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Al-Shihri (Associated Press/SITE Intelligence Group)

Desperation or new life?

War on Terror | A single al-Qaida group forms on the Arabian Peninsula

The media wing of one of al-Qaida's Yemeni franchises, al-Qaida in Yemen, released a statement on online jihadist forums Jan. 20 from the group's leader Nasir al-Wuhayshi, announcing the formation of a single al-Qaida group for the Arabian Peninsula under his command. According to al-Wuhayshi, the new group, al-Qaida in the Arabian Peninsula, would consist of his former group (al-Qaida in Yemen) as well as members of the now-defunct Saudi al-Qaida franchise.

The press release noted that the Saudi militants have pledged allegiance to al-Wuhayshi, an indication that the reorganization was not a merger of equals. This is understandable, given that the jihadists in Yemen have been active recently while their Saudi counterparts have not conducted a meaningful attack in years. The announcement also related that a Saudi national (and former Guantanamo detainee) identified as Abu-Sayyaf al-Shihri has been appointed as al-Wuhayshi's deputy. In some ways, this is similar to the way Ayman al-Zawahiri and his faction of Egyptian Islamic Jihad swore allegiance to Osama bin Laden and were integrated in to al-Qaida prime.

While not specifically mentioned, the announcement of a single al-Qaida entity for the entire Arabian Peninsula and the unanimous support by jihadist militants on the Arabian Peninsula for al-Wuhayshi suggests the new organization will incorporate elements of the other al-Qaida franchise in Yemen, the Yemen Soldiers Brigade.

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The announcement also provided links to downloadable versions of the latest issue of the group's online magazine, Sada al-Malahim, (Arabic for "The Echo of Battle"). The Web page links provided to download the magazine also featured trailers advertising the pending release of a new video from the group, now referred to by its new name, al-Qaida in the Arabian Peninsula.

The translated name of this new organization sounds very similar to the old Saudi al-Qaida franchise, the al-Qaida Organization in the Arabian Peninsula (in Arabic, "Tandheem al-Qaida fi Jazeerat al-Arabiyah"). But the new group's new Arabic name, Tanzim Qa'idat al-Jihad fi Jazirat al-Arab, is slightly different. The addition of "al-Jihad" seems to have been influenced by the Iraqi al-Qaida franchise, Tanzim Qaidat al-Jihad fi Bilad al-Rafidayn. The flag of the Islamic State of Iraq also appears in the Jan. 24 video, further illustrating the deep ties between the newly announced organization and al-Qaida in Iraq. Indeed, a number of Yemeni militants traveled to Iraq to fight, and these returning al-Qaida veterans have played a large part in the increased sophistication of militant attacks in Yemen over the past year.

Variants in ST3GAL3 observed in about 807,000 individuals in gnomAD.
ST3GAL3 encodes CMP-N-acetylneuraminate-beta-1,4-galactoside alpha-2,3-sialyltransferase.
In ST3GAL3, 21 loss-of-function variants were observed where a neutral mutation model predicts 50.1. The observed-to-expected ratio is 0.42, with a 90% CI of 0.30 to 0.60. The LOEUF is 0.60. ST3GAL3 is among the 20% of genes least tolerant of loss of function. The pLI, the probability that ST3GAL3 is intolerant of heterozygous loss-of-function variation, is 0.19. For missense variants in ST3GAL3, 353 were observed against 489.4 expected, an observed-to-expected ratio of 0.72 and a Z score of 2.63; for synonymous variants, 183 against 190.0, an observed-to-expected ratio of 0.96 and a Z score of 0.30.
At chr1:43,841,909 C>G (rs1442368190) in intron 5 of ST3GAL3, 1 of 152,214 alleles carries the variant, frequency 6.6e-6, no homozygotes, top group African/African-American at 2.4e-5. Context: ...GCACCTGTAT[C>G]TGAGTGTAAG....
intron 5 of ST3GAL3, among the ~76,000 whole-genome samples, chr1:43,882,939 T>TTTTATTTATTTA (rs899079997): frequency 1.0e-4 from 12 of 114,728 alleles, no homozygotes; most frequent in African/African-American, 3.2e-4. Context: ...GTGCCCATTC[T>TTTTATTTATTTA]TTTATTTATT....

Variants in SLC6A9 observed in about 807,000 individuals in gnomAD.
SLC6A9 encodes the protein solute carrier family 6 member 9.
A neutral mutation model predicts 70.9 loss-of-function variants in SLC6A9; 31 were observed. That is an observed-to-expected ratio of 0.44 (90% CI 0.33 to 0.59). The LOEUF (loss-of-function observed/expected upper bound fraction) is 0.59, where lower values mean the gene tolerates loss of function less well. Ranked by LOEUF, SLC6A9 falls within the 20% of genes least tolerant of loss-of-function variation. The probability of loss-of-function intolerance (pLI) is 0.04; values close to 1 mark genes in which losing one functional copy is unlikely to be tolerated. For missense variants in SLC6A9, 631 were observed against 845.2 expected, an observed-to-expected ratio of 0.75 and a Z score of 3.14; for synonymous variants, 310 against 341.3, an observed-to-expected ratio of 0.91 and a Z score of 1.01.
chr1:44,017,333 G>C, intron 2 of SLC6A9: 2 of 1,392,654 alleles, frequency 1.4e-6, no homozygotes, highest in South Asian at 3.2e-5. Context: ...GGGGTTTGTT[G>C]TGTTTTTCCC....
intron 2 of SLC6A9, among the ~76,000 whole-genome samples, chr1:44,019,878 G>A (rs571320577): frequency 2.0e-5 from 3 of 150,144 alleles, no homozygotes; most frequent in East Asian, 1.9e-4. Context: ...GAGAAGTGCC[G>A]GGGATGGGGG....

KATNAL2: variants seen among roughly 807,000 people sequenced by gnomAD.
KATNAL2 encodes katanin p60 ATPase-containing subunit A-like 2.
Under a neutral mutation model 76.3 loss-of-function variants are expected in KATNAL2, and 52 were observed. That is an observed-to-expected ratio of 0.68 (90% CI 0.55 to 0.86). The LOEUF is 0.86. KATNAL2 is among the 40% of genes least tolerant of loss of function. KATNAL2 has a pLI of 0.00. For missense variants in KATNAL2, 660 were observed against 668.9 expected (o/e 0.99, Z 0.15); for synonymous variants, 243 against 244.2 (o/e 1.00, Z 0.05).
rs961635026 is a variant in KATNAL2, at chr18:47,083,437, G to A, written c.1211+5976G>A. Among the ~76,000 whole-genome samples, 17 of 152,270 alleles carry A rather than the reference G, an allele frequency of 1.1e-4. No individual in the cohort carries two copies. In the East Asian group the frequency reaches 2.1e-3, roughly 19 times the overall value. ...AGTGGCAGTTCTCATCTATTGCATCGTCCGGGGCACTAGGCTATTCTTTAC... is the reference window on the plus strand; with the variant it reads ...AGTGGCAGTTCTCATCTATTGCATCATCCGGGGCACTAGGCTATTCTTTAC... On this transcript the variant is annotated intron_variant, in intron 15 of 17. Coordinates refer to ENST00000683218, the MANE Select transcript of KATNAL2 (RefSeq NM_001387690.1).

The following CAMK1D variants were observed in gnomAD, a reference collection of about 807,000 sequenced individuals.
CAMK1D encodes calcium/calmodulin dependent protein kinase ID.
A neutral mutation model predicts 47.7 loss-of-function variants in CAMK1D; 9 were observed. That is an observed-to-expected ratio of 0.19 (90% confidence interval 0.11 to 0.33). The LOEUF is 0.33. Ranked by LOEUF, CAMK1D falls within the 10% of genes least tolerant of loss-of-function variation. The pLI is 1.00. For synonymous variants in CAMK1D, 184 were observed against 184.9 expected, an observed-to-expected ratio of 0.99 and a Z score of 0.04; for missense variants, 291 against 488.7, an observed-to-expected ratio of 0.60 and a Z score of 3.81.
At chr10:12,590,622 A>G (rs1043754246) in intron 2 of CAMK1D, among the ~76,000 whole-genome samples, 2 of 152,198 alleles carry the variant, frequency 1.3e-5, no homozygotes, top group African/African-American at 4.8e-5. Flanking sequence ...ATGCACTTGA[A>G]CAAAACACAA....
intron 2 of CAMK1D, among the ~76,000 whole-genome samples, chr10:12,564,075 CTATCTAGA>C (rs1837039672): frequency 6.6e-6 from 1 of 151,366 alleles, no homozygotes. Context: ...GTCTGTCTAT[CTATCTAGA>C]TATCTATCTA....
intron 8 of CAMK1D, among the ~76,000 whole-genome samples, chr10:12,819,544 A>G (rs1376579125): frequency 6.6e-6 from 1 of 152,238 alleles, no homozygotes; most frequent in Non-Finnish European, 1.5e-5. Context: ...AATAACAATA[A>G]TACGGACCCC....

Four days after the Jan. 20 announcement, links for a 19-minute video from the new group titled "We Start from Here and We Will Meet at al-Aqsa" began to appear in jihadist corners of cyberspace. Al-Aqsa refers to the al-Aqsa Mosque on what Jews know as Temple Mount and Muslims refer to as Al Haram Al Sharif. The video threatens Muslim leaders in the region (whom it refers to as criminal tyrants), including Yemeni President Ali Abdullah Saleh, the Saudi royal family, and Egyptian President Hosni Mubarak. It also threatens so-called "crusader forces" supporting the regional Muslim leaders, and promises to carry the jihad from the Arabian Peninsula to Israel so as to liberate Muslim holy sites and brethren in Gaza.

An interview with al-Wuhayshi aired Jan. 27 on Al Jazeera echoed these sentiments. During the interview, al-Wuhayshi noted that the "crusades" against "Palestine, Iraq, Afghanistan and Somalia" have been launched from bases in the Arabian Peninsula, and that because of this, "all crusader interests" in the peninsula "should be struck."

A different take on events

Most of the analysis in Western media regarding the preceding developments has focused on how two former detainees at the U.S. facility in Guantanamo Bay, Cuba, appear in the Jan. 24 video-one of whom was al-Shihri-and that both were graduates of Saudi Arabia's ideological rehabilitation program, a government deprogramming course for jihadists. In addition to al-Shihri who, according to the video was Guantanamo detainee 372, the video also contains a statement from Abu-al-Harith Muhammad al-Awfi. Al-Awfi, who was identified as a field commander in the video, was allegedly former Guantanamo detainee 333. Prisoner lists from Guantanamo obtained by Stratfor appear to confirm that al-Shihri was in fact Guantanamo detainee No. 372. We did not find al-Awfi's name on the list, however, another name appears as detainee No. 333. Given the proclivity of jihadists to use fraudulent identities, it is entirely possible that al-Awfi is an alias, or that he was held at Guantanamo under an assumed name. At any rate, we doubt al-Awfi would fabricate this claim and then broadcast it in such a public manner.

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